Dad with me after my bath

Dad with Jeff my cousin in Vermont
Today I received one of those clues only I didn't know it at the time.  During my walk I saw a huge hawk silently fly away from the lane as I approached his feeding territory.  I knew Dad would have loved to see the mighty wing span from a worm's eye view and I was thrilled to have spotted him.  I don't often get to see that hawk unless I'm within the confines of our car.  I knew I wanted to share his crow story but wasn't sure I could find it and it just hit me about the hawk. (sorry, no pun intended) I hadn't read the story for a long time and just remembered something about a 'watch crow'.
Vermont Christmas and smoking....
So here's to you my dear sweet Father.  Your last child will always carry with her your deep love for the great outdoors, the animals, the trees, the wildflowers and the birds.  I walk my woods just as you walked your hunting grounds.  I am quick with the eye just as you taught me to be keen and observant. I can be very quiet and almost invisible just as you were with those crows.  If only you loved your strong capable body as I do mine.  Unlike you, I will never smoke.  I will exercise for the remainder of my years and preserve my heart to my best ability.  Damn those cigarettes Dad, you had the genes to live to a hundred.  I miss you tremendously.  No one else in our family loved my wildlife stories as you did.  No one else shared in the delight of finding a tiny hidden wildflower.  No one else understood the sheer joy of being surrounded by nature's beauty and the magical feeling from listening to stillness of the woods.   The wall divides us now.  The silent wall where we on earth cannot see, cannot hear, cannot use our senses to penetrate this unknown world.  Only faith can bring us together until it is my time.  So keep on giving me clues, keep on reminding me that you are with me in spirit.  And keep on sending me the 'watch crow' who loves to perch on top of the tallest tree in our backyard.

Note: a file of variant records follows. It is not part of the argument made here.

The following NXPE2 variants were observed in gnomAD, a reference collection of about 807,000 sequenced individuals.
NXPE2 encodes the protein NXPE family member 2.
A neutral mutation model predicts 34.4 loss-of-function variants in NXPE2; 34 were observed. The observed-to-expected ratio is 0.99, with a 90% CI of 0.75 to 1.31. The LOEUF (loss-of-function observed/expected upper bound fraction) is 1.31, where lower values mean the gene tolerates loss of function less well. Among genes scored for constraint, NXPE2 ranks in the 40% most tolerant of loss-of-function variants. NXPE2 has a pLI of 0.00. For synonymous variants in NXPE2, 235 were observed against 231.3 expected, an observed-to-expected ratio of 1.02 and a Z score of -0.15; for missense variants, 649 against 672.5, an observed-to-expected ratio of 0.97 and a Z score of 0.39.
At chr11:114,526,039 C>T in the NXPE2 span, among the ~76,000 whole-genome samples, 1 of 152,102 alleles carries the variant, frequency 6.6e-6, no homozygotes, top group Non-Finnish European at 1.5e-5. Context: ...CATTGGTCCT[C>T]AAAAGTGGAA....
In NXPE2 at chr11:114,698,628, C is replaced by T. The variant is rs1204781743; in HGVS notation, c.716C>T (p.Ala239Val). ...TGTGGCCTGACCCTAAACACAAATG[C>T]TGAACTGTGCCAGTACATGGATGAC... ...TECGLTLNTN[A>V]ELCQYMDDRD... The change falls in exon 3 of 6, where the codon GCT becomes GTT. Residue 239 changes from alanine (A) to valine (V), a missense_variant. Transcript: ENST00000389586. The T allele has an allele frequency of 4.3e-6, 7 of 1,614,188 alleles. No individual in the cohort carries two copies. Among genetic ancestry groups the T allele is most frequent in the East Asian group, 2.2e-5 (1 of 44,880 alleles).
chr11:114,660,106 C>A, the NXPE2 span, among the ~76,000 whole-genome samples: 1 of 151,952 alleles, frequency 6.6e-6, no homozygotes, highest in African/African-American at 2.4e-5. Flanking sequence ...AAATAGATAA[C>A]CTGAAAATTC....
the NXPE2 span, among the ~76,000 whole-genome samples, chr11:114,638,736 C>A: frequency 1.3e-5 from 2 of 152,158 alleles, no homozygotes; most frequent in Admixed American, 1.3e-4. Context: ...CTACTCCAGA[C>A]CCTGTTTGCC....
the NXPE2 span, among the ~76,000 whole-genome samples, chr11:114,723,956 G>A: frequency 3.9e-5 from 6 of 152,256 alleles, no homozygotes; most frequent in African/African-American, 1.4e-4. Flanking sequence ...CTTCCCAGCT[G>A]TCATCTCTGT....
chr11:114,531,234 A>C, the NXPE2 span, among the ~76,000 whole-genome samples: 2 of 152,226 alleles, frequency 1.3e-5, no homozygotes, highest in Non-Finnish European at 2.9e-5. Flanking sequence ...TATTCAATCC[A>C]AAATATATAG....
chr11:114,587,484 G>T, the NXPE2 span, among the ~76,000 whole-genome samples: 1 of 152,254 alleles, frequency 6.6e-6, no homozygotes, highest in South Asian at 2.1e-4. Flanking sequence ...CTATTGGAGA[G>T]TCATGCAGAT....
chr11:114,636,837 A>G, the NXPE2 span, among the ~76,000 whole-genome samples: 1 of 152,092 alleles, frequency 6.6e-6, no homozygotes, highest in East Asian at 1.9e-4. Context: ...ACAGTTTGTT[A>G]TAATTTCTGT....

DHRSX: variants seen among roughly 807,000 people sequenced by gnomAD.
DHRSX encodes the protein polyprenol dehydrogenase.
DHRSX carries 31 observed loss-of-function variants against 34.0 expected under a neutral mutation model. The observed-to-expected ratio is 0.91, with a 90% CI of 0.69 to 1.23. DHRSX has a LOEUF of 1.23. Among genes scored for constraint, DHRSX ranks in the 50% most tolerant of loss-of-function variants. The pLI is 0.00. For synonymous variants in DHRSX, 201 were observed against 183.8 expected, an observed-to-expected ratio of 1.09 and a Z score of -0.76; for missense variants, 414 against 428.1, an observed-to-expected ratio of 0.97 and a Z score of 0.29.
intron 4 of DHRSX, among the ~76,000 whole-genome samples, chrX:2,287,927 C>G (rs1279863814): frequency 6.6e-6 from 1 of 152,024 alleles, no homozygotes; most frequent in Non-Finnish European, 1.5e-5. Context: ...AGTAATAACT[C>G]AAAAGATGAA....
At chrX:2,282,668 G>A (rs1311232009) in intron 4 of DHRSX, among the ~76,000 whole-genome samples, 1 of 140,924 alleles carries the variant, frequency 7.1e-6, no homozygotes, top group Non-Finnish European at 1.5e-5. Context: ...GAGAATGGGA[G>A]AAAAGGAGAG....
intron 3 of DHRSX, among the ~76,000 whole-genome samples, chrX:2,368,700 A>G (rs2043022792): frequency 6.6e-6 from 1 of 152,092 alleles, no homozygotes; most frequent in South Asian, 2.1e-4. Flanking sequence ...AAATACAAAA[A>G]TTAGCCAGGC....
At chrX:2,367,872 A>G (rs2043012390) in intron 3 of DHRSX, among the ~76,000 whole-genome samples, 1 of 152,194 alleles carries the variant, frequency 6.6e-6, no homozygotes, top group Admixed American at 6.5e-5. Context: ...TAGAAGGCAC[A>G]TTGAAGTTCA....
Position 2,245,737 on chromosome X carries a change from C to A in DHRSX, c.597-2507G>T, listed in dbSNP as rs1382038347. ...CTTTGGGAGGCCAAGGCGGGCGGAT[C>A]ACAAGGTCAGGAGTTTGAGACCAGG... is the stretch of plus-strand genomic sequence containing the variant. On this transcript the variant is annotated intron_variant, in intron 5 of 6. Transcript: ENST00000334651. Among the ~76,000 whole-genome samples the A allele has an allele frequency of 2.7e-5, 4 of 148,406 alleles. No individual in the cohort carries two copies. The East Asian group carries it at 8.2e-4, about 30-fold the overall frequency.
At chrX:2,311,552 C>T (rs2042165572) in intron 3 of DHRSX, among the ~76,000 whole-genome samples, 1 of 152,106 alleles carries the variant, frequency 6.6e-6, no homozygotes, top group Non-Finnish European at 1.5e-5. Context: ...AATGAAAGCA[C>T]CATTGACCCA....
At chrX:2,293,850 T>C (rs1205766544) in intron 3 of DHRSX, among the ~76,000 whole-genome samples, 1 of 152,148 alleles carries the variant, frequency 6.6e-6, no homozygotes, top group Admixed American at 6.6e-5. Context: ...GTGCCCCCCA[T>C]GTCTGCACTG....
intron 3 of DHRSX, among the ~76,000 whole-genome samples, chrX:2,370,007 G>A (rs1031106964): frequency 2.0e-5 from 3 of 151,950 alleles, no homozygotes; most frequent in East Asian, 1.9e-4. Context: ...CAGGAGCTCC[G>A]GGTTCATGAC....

Summer evening at the table with my kitty doll that great Grammy made.

27 comments:

Flat Creek Farm said...

This is a wonderful post. I see now where your gift for writing comes from :) Love the pics too! What a great guy he must have been, and what wonderful memories you are blessed with. Hugs, Tammy